Family & Education

Coronavirus: Better-off children 'studying more than poorer pupils'

Family learning at home Image copyright Getty Images

Children from wealthier families are spending more time each day studying in the coronavirus lockdown compared with the poorest, according to new research.

A survey of families in England suggests better-off children will have studied for around seven days more than their poorer peers by next month.

Children in the highest-income families spend six hours a day on education, but the poorest spend four and a half.

The government said it will do whatever it can to ensure no child falls behind.

The study of more than 4,000 families, carried out for the Institute for Fiscal Studies (IFS), found the gap in time spent on education activities was slightly bigger for primary age children than older pupils.

Whatever their income, more than half of parents said they were finding it hard to support their children learning at home.

Nearly two in three (64%) of secondary pupils in state schools from the richest households are offered some form of active help, compared with 47% from the poorest fifth of families, the study suggests.

Fewer resources

The new analysis from the IFS found that children from more disadvantaged families have fewer educational resources and parental support for home learning.

The research also found poorer children were less likely to have a place to study.

Less than a third (29%) of parents in the poorest families said they would send their child back to primary school given the choice, compared with 55% of the most affluent parents.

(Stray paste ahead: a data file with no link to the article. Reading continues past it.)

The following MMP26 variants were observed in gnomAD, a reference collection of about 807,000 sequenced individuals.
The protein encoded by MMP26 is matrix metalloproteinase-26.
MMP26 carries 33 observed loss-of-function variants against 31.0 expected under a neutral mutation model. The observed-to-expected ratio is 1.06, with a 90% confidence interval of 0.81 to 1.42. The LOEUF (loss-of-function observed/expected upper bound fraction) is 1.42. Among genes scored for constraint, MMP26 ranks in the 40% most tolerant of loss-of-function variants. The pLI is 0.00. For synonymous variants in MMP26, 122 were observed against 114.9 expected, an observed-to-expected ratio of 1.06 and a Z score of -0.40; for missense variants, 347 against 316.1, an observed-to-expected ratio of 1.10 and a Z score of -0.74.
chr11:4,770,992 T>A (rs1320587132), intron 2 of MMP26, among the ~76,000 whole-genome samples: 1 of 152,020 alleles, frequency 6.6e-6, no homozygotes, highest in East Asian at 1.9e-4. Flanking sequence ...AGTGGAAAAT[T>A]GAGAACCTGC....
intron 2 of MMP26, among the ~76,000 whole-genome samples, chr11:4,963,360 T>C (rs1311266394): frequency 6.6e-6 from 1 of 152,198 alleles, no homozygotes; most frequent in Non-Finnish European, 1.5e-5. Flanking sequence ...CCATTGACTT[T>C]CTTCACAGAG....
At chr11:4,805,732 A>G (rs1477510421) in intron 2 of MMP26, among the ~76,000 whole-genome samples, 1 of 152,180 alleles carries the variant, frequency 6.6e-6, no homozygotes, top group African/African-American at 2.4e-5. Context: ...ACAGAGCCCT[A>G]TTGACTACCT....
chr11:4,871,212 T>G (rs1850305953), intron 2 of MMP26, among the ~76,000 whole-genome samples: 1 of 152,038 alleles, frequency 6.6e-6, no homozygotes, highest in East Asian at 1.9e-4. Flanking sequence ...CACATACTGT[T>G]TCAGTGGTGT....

Ministers have said some primary school pupils in England should be able to go back to school next month.

But teachers' unions have raised concerns over safety amid fears a rush to return to the classroom could spread the coronavirus in schools.

Paul Whiteman, head of the National Association of Head Teachers, said teachers want to see pupils back in class - but they want to understand the scientific reasons as to why the government has said it is safe to return.

"Explain why and if you can pass that confidence test there will be no shortage of enthusiasm from members of the NAHT to bring children back into the classroom," he told BBC Radio 4 Today's programme.

Culture Secretary Oliver Dowden told BBC Breakfast that public safety was the "number one consideration" for the government, and ministers will "continue to engage with the concerns... that teachers have".

Researchers have called on the government to address the disparities between children from different backgrounds during school closures, as they warn the crisis is likely to widen attainment gaps.

Lucy Kraftman, research economist at IFS and co-author of the report, added: "These differences will likely widen pre-existing gaps in test scores between children from different backgrounds."

A Department for Education spokeswoman said: "We will do whatever we can to make sure no child, whatever their background, falls behind as a result of coronavirus.

"We have set out plans for a phased return of some year groups from 1 June at the earliest in line with scientific advice."

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